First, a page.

California Department of Public Health (CDPH) Director Dr. Mark Horton today provided an update on actions being undertaken by the state to respond to the H1N1 swine flu outbreak and the latest data on California cases.
“The situation continues to be fluid, and health officials remain concerned,” said Dr. Horton. “We have seen a slow and steady unfolding of the numbers, but we are very reticent to make any predictions based on what we know at this time.”
In California, there are 17 confirmed cases in 16 counties, with a total of three hospitalizations. All three of those patients recovered and were released from hospitals.
Today, Dr. Horton announced that the CDPH is concurring with updated interim guidance from the federal Centers for Disease Control and Prevention (CDC) related to schools and other facilities for children where there has been a confirmed case of swine flu.
If a school dismisses students or a childcare facility closes, schools and childcare facilities should close for up to 14 days depending on the extent and severity of the illness and in close consultation with local and state public health officials. This length of time is recommended because children are likely to be infectious for about seven to 10 days after the onset of illness. http://www.cdc.gov/h1n1flu/k12_dismissal.htm
In addition, CDPH has:
- Launched a toll-free H1N1 swine flu information hotline Thursday: 1-888-865-0564. The line is available Monday through Friday, from 7 a.m. to 6 p.m., and on weekends from 8 a.m. to 4 p.m. (NOTE: As of July 1, 2010, this hotline is no longer in service.)
- Distributed swine flu infection control recommendations for hospitalized patients to all California hospitals. http://ww2.cdph.ca.gov/HealthInfo/discond/Documents/CDPH_Swine_Flu_Infection_Control_Recommendations.pdf
- Issued interim mask and respirator guidance for the public. CDPH is recommending that rather than relying on the use of facemasks or respirators, to try to stay at least 6 feet away from people who might be ill. However, persons with increased exposure risk, primarily individuals for whom close contact with an infectious person is unavoidable, N95 masks should be considered. Ill persons should of course remain at home with the exception of seeking medical care. If outside of the home, ill individuals should wear a facemask. http://ww2.cdph.ca.gov/HealthInfo/discond/Documents/CDPH_Swine_Flu_Interim_Mask_Respirator_Guidance.pdf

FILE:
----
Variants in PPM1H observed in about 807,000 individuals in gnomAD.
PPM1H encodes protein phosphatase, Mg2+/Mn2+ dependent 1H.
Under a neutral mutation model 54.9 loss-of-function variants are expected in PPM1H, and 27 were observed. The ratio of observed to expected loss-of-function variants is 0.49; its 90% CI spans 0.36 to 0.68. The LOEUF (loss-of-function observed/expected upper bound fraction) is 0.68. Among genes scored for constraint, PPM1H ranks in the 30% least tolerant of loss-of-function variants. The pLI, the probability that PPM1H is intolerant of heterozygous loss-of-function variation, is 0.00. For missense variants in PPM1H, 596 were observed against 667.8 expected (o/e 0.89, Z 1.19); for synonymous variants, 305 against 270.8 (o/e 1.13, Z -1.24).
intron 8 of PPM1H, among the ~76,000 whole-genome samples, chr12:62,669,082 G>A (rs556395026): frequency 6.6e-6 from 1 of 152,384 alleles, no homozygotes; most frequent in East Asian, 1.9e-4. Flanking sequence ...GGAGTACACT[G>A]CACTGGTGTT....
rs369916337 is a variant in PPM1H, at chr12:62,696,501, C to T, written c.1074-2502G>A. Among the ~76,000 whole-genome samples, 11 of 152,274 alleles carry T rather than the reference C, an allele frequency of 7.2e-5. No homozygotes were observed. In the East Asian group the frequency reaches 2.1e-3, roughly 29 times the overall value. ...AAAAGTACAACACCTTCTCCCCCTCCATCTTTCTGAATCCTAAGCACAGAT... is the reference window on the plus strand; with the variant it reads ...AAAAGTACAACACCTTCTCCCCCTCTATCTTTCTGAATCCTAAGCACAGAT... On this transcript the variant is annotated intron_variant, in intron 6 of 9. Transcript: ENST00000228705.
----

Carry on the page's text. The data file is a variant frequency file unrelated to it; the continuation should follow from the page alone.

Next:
- Taken steps to begin conducting its own confirmatory testing for this strain of H1N1 swine flu without having to send samples to the CDC, which will greatly speed up detection efforts in California.
There is no vaccine available right now to protect against H1N1 swine flu. However, there are everyday actions that can help prevent the spread of germs that cause respiratory illnesses like influenza, such as:
- Covering your nose and mouth with a tissue when you cough or sneeze. Throw the tissue in the trash after you use it.
- Washing your hands often with soap and water, especially after you cough or sneeze. Alcohol-based hand cleaners are also effective. Like regular flu, the H1N1 swine flu virus can live for several days on surfaces, such as doorknobs and computer keyboards.
- Trying to avoid close contact with sick people.
- Avoiding social gatherings if you are ill or if you have medical conditions that put you at risk for flu complications.
The symptoms of H1N1 swine flu in people are similar to the symptoms of regular human flu and include fever, cough, sore throat, body aches, headache, chills and fatigue. Some people have reported diarrhea and vomiting associated with swine flu.
If you get sick with influenza, the CDC recommends that you stay home from work or school and limit contact with others to keep from infecting them. Avoid touching your eyes, nose or mouth, and contact your health care provider.